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Wednesday, September 4, 2013

Red-Light; Green-Light: My Daughter’s First Day of School

Red-Light; Green-Light: My Daughter’s First Day of School

Where have the last four years gone?

I cannot sleep. Today is A’s first day of formal education. In the next hours she will wake up an enthusiastic 4 year-old, clueless as to how different her life will be going forward. Together we will go about getting her fed, uniform sorted, hair brushed and making sure she is ready for the day ahead.

I am incredibly thrilled for her. She will learn to read, write, explore her interests in after-school clubs, make new friends, figure out where her interests lie and learn how to tie her own school tie.  What character will she choose for World Book Day? I can’t wait for all of that.  

At the same time I am worried. She will have to assert herself, get involved, ask questions, take initiative to make new friends (without me), line up for school meals on her own, change in and out of her PE uniform in 4 minutes time and cope with the more rambunctious in the group – all whilst (I hope) remembering to be a loving person (and drink plenty of water to avoid dehydration). I wish I could be a fly on the wall watching it all, but I accept that when I ask her what she has done she will likely say “nothing” or “I don’t know.” Because those are the things that children say.

While I know that school is the best place for her I can’t help but cry. Five days a week during school hours she will not be my responsibility and that saddens me: last minute decisions to trek into London’s arts museums on Wednesday mornings, late pancake breakfasts on Thursdays or staying out late weeknights because we can – that is all gone. She will be required to be at school and my responsibility will be to make sure that she is well rested and prepared for that.  Our weekly baking and art activity will fall second to her own school assignments which might possibly interest her more and (I am in full tears now) I cannot believe that the years have flown by so quickly.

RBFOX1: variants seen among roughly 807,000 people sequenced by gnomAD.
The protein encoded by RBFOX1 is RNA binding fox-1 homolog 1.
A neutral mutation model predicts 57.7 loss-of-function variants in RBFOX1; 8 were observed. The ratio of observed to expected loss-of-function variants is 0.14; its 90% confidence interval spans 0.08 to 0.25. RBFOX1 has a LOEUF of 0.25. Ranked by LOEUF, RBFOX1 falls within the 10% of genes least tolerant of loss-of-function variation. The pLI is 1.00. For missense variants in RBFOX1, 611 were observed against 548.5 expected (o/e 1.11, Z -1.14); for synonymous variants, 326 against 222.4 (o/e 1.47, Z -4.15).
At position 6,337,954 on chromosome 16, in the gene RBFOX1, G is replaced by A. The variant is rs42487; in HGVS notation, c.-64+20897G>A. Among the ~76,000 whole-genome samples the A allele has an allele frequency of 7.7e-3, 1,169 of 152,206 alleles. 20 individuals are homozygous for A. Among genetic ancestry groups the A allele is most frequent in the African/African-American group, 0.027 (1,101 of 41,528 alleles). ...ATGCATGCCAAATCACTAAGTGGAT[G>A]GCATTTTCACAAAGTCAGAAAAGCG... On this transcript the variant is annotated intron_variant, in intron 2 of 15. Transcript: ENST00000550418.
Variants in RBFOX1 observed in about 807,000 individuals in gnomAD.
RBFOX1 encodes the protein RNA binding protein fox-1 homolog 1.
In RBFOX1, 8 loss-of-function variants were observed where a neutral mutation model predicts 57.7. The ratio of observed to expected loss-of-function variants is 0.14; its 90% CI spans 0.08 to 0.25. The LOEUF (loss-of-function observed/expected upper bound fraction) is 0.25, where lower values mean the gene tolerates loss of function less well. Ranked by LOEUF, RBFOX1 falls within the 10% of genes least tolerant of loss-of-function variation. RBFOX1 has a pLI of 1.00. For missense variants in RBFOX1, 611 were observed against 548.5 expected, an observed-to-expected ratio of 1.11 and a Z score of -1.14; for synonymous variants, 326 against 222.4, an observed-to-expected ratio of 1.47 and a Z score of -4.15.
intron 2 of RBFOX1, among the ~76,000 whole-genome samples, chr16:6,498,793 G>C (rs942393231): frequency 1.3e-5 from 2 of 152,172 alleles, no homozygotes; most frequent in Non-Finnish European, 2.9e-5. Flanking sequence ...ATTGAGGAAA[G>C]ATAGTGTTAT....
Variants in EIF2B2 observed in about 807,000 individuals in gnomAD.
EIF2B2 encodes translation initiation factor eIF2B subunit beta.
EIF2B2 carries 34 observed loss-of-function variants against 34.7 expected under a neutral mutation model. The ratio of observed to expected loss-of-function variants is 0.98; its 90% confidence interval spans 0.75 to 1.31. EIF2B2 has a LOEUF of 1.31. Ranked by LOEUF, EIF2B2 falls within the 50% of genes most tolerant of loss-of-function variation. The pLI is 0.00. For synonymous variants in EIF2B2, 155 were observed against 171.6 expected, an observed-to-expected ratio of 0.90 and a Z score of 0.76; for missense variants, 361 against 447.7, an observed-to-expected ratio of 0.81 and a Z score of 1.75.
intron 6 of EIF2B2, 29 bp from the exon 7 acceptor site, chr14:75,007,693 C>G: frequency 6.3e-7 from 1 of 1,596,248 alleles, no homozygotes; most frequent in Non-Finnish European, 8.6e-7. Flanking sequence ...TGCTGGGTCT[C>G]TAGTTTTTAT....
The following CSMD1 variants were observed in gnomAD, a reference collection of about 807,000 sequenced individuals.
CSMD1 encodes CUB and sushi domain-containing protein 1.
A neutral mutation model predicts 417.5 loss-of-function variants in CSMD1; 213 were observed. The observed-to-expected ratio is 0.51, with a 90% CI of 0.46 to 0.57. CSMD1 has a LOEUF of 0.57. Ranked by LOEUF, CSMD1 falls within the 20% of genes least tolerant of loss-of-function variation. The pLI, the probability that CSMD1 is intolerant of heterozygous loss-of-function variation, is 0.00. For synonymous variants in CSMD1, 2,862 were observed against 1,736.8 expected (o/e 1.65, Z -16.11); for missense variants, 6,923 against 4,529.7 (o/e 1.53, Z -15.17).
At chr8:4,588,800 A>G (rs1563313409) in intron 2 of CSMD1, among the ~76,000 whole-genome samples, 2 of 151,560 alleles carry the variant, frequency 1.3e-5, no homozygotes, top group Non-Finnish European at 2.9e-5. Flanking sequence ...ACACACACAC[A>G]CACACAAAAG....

Her moral character, even at this age, will be challenged. I know this from my own school experiences. Children are confused and often unkind as a result. My goodness, is she ready?

I did not take to motherhood easily in her first year. I was overwhelmed by the life change and switch in focus from my agenda to hers and I went back to work far too quickly as a result. But somewhere along the way, I began to understand and accept and enjoy my parenting role. My focus switched 100% to listening to my children’s needs and communicating with them constantly. I stopped working and have never regretted that decision. When I did that my life changed wholly and more than a responsibility or task, my children became my companions, and for, especially the last 3 years, we have been feeding off of each other and sharing experiences. It has been great. I am having a hard time letting go of what I love, spending time with them.  

What will it be like now that I will only have 1 child at home and 1 at school (and one in the belly)? What emotions will we all experience? I am sure that at times my eldest will be overwhelmed and manifest her emotions in anger and moods.  My youngest might feel ignored and I will feel lost, displaced. I understand all of that and just like I expect her to be a good person at school I will try to be a good person at home in handling all of this.

In a few hours, I will joyfully brush her hair into pigtails (as she has requested), place a striped blue hair-band on her head and take far too many photos of her in uniform, marking her first day of school. I will walk her to her classroom and give her a big kiss and hug goodbye and once back in my car I will have a very intense cry and leave it there, accepting that my role as a parent will have changed but knowing that I will not be any less important in her life.

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